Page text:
The Monthly interviews writer and poet, Ali Whitelock, on the art of writing without fear – Part 2

Part one of this interview is here

What are the processes you use to produce your work?

The most important thing for me is that I sit down every day and I write. I don’t wait around for inspiration and I am not relying on a muse but rather, I turn up every day and I work at my writing. In the last seven years there have only been a couple of times where poems have arrived fully formed. In fact that almost never happens.

I sit down to write and I will start with a line. That line might be something I have heard someone say that made me laugh, or made me furious, so much so that I needed to write it down. It might be something that I read, or saw on the TV; wherever the line came from I will work on building a poem around that line.

How long does that process take?

I think when I am writing a poem I try to stay out of the poem as much as I can if that makes sense; I am not trying to direct the poem too much. I really do try to let the poem go where it wants to go. I really don’t have a clear idea of where the it is going to go and sometimes I am amazed where the poem ends up.

That process can take days or weeks and I will work on the idea until it comes to a point where I have something which might be quite loose but it is something that will allow me to start to work on each line.

Once you have a draft you then work line by line?

I keep pushing on the ideas and the poem usually gets to a point where, as I said, it is a loose piece of work. At that point I begin the process of crafting each line, so that each line is as good as I can make it. I am aiming to make each line as unique as I can get it. I am looking to remove the boring elements from the poem, so the poem is as interesting and emotive as I can make it. I can literally break down each poem line by line and find the weaker lines and reconstruct those lines.

What about barriers. Do you ever come up against brick walls where you can’t take a poem any further?

I will never give up on a poem. No matter how long it takes I will keep working on a poem until it assumes that unique element where it is as good as it can possibly be. I just don’t accept that anything I start can’t be completed, can’t be crafted into something that I think works. For me there is an investment in the writing that I can’t just give up on.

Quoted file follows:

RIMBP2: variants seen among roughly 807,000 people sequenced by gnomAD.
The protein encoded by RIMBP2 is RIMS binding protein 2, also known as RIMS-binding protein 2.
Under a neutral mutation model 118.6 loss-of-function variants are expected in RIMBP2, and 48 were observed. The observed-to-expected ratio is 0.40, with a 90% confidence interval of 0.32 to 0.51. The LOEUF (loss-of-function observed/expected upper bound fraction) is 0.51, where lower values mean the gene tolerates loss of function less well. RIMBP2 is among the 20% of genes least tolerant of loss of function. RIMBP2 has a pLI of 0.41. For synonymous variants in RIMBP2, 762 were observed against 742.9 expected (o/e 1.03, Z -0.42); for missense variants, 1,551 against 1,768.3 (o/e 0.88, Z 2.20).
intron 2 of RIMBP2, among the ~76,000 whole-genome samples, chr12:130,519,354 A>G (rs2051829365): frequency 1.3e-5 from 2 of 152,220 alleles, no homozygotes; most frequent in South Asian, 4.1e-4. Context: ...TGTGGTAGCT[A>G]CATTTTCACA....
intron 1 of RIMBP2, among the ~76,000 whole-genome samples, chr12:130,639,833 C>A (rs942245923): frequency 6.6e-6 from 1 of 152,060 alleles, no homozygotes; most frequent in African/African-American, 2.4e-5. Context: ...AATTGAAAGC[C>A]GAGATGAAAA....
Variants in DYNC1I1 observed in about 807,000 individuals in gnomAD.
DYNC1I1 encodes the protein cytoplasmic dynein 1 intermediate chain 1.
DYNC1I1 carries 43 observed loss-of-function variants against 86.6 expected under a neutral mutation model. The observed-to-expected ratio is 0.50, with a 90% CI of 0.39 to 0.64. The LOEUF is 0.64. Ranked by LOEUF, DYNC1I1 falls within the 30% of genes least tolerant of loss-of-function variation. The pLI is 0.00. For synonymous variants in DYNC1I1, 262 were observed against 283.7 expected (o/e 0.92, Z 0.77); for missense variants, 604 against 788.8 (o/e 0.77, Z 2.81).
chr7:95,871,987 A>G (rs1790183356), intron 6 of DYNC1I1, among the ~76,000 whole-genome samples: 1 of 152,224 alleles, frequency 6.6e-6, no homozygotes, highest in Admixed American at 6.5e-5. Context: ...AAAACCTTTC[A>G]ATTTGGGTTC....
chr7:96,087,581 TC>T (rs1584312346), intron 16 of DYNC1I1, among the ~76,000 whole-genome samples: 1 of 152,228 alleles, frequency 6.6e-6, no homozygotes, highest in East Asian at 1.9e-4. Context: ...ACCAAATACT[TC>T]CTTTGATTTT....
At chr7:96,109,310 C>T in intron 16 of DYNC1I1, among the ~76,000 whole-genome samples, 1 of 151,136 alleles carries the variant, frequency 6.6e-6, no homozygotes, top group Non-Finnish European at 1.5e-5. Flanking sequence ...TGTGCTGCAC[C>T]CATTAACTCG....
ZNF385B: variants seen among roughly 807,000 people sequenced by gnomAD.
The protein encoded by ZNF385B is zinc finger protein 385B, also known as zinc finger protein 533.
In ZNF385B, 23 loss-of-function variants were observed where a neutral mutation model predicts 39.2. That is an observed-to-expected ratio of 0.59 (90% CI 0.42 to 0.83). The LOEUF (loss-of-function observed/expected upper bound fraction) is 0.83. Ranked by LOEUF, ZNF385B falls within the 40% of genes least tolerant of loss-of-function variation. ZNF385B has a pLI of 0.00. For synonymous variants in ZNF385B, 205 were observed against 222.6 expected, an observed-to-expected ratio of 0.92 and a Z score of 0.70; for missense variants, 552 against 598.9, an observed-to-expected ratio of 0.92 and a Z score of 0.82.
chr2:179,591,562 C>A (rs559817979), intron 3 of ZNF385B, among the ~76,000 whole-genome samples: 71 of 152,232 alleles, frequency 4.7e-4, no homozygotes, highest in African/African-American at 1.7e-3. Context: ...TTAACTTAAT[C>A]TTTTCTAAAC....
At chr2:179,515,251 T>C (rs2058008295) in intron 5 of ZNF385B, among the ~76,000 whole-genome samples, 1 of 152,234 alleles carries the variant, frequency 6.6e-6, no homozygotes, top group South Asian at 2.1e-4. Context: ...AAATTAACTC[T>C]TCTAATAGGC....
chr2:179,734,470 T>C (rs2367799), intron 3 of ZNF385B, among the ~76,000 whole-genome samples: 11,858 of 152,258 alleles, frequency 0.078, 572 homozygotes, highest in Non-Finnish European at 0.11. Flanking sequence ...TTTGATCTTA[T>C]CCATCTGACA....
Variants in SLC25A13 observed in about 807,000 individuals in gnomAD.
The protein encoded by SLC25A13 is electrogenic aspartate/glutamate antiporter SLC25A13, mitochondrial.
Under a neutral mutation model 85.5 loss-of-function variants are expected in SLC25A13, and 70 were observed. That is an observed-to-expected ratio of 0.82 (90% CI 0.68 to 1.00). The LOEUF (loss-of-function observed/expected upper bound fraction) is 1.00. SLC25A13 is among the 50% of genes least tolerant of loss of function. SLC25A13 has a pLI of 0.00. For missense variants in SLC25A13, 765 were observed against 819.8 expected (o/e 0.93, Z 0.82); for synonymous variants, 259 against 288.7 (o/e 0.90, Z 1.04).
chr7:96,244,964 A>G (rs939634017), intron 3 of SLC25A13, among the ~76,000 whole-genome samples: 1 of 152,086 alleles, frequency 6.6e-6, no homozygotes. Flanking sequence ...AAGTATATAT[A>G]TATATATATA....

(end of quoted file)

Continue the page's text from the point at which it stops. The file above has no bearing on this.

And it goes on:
What about form and structure?

I really don’t know much about poetic structures and I don’t get bogged down in terms. I loosely know what a Villanelle is, and I sort of know what a Haiku is but I don’t write them, but I really don’t care much for the rules. I know some people love the rules because it makes their writing much tighter, but for me it makes me feel ill to think that my writing would be constrained in any way. In some ways that makes me want to smash the place up. The question of structure isn’t important to me.

I do think a lot about how the work looks on the page. I take a lot of care with regards where the line breaks are placed. I do think that is massively important and I will spend a substantial amount of time making sure that the reader’s eye and their commitment to the poem is maintained as each line is read and they move on to the next line. I want the reader to be connected to the poem and I don’t want that connection to be broken.

How it looks on the page is more important to me now because I have more experience after writing the first book. When it came to the second I concentrated even more on that aspect of the work. I want to allow the reader to keep working through the poem.

How do you see your poems now?

I think I would describe each poem as a 3D piece of art in a way. I really don’t think the poem is fully completed if the way the poem looks on the page hasn’t been given enough consideration and beyond that I don’t have much more to say about form and structure.

Part three of this interview is here

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